It’s easy — as both committees were eager to point out — to feel like Facebook, Twitter, and Google were all asleep at the wheel. “Why has it taken Facebook 11 months to come forward and help us understand the scope of this problem, see it for the problem it is, and begin to work in a responsible way to address it?” wondered Senator Chris Coons (D-DE) during an exchange with the company’s general counsel, Colin Stretch. Despite several overwrought appeals to the dire “national security” issues that tech companies ignored, the foremost issue appeared to be a woeful lack of regulatory framework. In particular, although many boosted posts from Russian accounts were not directly election related, lawmakers cited the fact that the same requirements for transparency surrounding election-related advertising don’t apply to social media platforms as one of their central concerns—and also one of the few areas where improved cooperation between technology companies and the federal government is not only far from nefarious, but actually necessary. The Honest Ads Act, a bill sponsored by Senator Amy Klobuchar (D-MN) that aims to “enhance transparency and accountability for online political advertisements” by requiring advertisers to disclose their identity, is one example of an attempt to grapple with this concern.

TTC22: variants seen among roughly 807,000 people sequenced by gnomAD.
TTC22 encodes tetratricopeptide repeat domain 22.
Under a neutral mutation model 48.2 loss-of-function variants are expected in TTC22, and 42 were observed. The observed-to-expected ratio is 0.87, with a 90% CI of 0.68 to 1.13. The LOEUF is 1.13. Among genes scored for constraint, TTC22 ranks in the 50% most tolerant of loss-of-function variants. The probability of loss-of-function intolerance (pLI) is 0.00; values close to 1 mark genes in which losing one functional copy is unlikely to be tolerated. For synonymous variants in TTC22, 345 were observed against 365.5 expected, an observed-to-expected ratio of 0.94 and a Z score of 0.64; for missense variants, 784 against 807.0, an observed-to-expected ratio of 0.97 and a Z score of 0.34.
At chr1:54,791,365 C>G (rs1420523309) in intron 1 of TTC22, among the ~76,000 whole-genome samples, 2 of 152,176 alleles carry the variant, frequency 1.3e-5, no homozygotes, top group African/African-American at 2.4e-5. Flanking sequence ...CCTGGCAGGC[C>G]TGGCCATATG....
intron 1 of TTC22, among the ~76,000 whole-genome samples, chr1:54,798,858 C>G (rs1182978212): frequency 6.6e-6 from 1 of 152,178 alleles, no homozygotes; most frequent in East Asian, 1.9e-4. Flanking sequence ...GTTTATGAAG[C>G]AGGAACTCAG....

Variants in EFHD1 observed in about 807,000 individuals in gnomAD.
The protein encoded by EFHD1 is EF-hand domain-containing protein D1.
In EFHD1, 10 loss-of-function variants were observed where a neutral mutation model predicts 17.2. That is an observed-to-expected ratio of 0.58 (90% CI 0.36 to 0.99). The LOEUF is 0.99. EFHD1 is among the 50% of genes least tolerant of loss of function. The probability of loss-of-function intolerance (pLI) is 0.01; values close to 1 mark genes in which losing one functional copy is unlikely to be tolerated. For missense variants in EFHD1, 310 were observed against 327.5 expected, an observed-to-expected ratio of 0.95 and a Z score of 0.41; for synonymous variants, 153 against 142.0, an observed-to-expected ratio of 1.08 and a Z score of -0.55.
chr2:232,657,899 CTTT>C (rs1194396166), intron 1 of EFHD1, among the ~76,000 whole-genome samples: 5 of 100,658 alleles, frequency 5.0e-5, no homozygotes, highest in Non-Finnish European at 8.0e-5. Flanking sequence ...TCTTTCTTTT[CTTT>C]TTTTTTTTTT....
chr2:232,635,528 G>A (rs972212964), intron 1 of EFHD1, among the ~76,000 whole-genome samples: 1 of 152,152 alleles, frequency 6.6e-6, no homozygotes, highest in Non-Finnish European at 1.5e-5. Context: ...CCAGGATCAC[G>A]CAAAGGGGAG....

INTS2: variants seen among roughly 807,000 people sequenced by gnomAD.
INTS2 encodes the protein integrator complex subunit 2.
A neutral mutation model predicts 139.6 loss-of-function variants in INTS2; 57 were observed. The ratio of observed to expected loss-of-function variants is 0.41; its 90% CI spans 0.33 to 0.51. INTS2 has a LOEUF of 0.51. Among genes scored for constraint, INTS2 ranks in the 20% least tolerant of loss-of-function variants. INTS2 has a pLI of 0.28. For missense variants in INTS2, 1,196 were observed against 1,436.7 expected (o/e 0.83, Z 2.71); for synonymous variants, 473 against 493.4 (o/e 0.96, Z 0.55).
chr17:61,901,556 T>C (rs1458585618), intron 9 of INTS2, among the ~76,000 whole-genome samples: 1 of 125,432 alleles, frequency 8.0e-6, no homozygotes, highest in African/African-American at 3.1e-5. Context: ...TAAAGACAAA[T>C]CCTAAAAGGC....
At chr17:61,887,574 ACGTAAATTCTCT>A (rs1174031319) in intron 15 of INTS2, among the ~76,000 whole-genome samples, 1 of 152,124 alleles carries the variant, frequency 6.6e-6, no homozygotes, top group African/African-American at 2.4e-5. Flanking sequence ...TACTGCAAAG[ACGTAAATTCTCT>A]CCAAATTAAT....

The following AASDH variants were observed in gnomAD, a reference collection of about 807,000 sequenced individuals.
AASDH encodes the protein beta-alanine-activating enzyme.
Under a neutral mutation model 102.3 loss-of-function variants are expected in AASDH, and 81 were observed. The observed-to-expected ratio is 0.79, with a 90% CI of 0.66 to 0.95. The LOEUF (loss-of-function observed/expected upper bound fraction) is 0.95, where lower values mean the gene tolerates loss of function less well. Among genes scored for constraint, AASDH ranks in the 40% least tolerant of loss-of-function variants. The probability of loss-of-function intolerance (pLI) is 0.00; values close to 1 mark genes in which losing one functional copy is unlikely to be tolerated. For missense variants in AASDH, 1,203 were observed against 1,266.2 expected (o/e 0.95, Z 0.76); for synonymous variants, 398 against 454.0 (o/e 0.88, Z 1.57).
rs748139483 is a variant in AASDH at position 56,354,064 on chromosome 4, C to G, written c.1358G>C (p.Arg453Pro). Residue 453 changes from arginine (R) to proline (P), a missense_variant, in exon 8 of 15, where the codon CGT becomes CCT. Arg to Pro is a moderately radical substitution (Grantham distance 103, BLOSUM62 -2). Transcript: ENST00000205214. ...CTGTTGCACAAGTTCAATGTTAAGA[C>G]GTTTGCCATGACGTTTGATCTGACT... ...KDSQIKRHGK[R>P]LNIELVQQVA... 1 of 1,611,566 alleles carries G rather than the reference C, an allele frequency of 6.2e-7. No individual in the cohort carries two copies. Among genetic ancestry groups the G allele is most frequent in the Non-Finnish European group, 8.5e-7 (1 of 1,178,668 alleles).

Still others took out their frustration in other ways, wondering why data behemoths like Facebook failed to put two and two together. On more than one occasion, lawmakers veered into the absurd. In one of Tuesday’s more bizarre exchanges, Senator Al Franken (D-MN) chastised Facebook, asking: “You can’t put together ‘rubles’ with ‘political ad’ and point out, ‘Hm, those two data points spell out something bad’?” If there was ever a question worth shrugging off during a congressional testimony, that was certainly one.